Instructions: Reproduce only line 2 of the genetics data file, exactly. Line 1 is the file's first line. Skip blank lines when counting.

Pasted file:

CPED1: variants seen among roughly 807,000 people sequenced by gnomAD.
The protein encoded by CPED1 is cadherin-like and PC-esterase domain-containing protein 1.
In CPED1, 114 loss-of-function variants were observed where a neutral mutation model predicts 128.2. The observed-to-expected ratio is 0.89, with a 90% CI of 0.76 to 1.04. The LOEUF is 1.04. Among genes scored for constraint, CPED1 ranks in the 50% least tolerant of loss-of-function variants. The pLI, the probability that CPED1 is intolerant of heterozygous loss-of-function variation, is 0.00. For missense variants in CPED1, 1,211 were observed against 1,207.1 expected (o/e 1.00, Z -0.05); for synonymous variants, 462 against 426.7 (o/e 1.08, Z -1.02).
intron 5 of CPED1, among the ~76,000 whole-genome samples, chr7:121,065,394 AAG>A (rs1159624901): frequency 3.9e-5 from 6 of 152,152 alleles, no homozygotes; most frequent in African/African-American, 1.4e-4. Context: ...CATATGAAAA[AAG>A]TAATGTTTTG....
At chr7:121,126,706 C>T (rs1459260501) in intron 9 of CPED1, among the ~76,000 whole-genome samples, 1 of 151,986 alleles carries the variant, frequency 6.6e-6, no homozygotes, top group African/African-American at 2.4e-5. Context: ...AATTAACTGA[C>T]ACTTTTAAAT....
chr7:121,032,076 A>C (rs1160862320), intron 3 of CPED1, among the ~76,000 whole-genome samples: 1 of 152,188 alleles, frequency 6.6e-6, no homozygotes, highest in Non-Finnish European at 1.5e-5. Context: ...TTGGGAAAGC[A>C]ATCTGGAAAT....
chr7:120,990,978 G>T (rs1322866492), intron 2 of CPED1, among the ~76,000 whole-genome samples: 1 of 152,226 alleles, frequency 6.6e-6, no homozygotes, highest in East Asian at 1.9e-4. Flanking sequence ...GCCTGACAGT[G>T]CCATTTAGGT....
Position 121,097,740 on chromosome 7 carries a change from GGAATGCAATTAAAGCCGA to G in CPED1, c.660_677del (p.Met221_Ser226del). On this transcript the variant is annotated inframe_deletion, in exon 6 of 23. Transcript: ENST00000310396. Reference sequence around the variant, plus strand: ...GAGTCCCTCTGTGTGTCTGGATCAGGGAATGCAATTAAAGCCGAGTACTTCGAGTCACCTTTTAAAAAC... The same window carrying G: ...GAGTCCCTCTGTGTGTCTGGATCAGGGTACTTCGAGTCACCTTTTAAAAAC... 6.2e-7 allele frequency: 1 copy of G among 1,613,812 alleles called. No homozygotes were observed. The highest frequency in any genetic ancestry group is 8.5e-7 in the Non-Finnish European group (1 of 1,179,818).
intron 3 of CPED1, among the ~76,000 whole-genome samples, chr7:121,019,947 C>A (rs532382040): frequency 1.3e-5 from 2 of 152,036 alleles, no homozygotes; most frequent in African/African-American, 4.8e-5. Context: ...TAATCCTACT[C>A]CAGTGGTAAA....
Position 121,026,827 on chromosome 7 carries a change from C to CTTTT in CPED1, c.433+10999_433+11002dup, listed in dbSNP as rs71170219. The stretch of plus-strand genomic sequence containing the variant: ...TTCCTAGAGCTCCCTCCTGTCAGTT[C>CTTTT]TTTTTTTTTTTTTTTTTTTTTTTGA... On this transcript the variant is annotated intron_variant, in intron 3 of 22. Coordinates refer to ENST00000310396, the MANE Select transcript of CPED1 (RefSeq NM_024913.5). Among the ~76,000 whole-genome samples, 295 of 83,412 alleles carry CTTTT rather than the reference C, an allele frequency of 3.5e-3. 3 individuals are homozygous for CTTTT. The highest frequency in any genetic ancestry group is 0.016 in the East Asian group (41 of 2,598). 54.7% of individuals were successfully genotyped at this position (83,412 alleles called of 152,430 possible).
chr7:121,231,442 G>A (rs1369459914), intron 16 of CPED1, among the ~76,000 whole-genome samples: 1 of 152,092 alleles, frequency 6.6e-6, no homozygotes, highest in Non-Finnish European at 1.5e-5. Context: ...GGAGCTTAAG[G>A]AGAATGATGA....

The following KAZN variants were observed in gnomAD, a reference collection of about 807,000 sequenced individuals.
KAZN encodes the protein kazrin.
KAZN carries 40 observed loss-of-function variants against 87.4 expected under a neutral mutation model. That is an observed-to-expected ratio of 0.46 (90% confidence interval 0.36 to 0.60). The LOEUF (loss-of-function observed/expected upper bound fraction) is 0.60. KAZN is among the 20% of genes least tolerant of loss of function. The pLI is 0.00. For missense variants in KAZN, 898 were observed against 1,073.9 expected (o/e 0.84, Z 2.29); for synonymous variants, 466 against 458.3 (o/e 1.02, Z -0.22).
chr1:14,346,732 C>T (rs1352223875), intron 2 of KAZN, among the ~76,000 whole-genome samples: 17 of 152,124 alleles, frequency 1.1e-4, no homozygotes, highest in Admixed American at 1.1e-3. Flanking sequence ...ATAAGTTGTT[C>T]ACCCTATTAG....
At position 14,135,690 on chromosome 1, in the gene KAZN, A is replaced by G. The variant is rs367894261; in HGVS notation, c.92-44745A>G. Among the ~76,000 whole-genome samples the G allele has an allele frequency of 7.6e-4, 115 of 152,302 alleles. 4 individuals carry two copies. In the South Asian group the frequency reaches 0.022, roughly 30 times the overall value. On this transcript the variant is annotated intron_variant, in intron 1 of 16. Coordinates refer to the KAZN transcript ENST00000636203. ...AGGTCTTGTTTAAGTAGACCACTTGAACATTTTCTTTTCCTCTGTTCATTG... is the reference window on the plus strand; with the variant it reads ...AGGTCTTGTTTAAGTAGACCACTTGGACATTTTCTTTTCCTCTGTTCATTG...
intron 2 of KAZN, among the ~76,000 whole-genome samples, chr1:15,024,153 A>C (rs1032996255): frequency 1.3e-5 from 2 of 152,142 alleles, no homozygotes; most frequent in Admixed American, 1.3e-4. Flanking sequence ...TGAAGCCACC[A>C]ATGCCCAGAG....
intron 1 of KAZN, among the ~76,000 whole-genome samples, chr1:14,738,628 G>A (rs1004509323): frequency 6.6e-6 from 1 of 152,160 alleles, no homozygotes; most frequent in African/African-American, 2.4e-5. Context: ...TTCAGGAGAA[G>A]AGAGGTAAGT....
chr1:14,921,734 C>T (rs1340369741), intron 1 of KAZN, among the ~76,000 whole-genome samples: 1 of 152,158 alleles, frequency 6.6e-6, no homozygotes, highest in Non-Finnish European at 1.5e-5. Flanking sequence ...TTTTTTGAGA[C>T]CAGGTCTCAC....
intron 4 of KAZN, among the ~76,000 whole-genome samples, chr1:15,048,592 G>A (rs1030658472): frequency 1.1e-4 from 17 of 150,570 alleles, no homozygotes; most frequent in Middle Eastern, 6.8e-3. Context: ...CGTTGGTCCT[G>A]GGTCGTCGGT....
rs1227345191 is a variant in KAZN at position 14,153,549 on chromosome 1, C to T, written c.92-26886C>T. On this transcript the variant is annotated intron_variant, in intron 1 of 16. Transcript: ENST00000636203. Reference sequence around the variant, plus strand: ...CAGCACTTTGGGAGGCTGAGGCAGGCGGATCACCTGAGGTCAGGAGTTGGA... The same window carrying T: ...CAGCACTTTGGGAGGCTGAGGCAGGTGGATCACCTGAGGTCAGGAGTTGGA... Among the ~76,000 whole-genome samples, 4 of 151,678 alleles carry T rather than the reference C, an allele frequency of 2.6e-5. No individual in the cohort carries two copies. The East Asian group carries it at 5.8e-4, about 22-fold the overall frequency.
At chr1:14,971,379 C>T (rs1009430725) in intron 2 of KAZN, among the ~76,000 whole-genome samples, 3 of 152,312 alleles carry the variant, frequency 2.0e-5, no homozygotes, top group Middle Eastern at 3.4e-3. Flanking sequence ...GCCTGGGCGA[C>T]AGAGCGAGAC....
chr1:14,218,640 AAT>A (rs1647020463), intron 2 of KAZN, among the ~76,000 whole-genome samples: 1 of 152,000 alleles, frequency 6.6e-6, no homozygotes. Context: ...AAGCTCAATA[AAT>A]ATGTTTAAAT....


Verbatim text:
The protein encoded by CPED1 is cadherin-like and PC-esterase domain-containing protein 1.